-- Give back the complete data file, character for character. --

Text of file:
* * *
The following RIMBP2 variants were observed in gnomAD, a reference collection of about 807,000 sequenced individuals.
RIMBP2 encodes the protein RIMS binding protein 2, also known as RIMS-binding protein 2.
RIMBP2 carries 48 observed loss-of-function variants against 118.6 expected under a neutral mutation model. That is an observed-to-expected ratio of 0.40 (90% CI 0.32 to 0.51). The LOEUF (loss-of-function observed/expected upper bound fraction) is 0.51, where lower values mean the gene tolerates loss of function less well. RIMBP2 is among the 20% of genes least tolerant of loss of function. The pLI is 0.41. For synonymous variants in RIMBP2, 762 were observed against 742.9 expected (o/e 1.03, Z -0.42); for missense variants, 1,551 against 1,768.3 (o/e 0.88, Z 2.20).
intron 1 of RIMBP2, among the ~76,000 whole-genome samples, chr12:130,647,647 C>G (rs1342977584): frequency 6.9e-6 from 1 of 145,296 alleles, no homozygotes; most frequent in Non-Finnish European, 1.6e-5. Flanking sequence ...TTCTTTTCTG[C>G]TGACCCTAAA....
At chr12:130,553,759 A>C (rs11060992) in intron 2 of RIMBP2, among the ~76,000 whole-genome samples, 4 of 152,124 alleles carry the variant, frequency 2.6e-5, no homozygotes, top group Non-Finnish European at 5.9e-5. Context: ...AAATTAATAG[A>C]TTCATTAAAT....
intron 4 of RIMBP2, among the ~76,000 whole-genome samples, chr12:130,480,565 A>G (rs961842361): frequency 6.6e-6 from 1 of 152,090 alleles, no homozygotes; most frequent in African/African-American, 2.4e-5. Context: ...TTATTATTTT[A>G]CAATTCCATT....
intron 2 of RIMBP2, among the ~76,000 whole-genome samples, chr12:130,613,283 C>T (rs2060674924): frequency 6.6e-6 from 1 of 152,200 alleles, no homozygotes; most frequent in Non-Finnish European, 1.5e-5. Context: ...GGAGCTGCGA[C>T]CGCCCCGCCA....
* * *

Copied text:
The following RIMBP2 variants were observed in gnomAD, a reference collection of about 807,000 sequenced individuals.
RIMBP2 encodes the protein RIMS binding protein 2, also known as RIMS-binding protein 2.
RIMBP2 carries 48 observed loss-of-function variants against 118.6 expected under a neutral mutation model. That is an observed-to-expected ratio of 0.40 (90% CI 0.32 to 0.51). The LOEUF (loss-of-function observed/expected upper bound fraction) is 0.51, where lower values mean the gene tolerates loss of function less well. RIMBP2 is among the 20% of genes least tolerant of loss of function. The pLI is 0.41. For synonymous variants in RIMBP2, 762 were observed against 742.9 expected (o/e 1.03, Z -0.42); for missense variants, 1,551 against 1,768.3 (o/e 0.88, Z 2.20).
intron 1 of RIMBP2, among the ~76,000 whole-genome samples, chr12:130,647,647 C>G (rs1342977584): frequency 6.9e-6 from 1 of 145,296 alleles, no homozygotes; most frequent in Non-Finnish European, 1.6e-5. Flanking sequence ...TTCTTTTCTG[C>G]TGACCCTAAA....
At chr12:130,553,759 A>C (rs11060992) in intron 2 of RIMBP2, among the ~76,000 whole-genome samples, 4 of 152,124 alleles carry the variant, frequency 2.6e-5, no homozygotes, top group Non-Finnish European at 5.9e-5. Context: ...AAATTAATAG[A>C]TTCATTAAAT....
intron 4 of RIMBP2, among the ~76,000 whole-genome samples, chr12:130,480,565 A>G (rs961842361): frequency 6.6e-6 from 1 of 152,090 alleles, no homozygotes; most frequent in African/African-American, 2.4e-5. Context: ...TTATTATTTT[A>G]CAATTCCATT....
intron 2 of RIMBP2, among the ~76,000 whole-genome samples, chr12:130,613,283 C>T (rs2060674924): frequency 6.6e-6 from 1 of 152,200 alleles, no homozygotes; most frequent in Non-Finnish European, 1.5e-5. Context: ...GGAGCTGCGA[C>T]CGCCCCGCCA....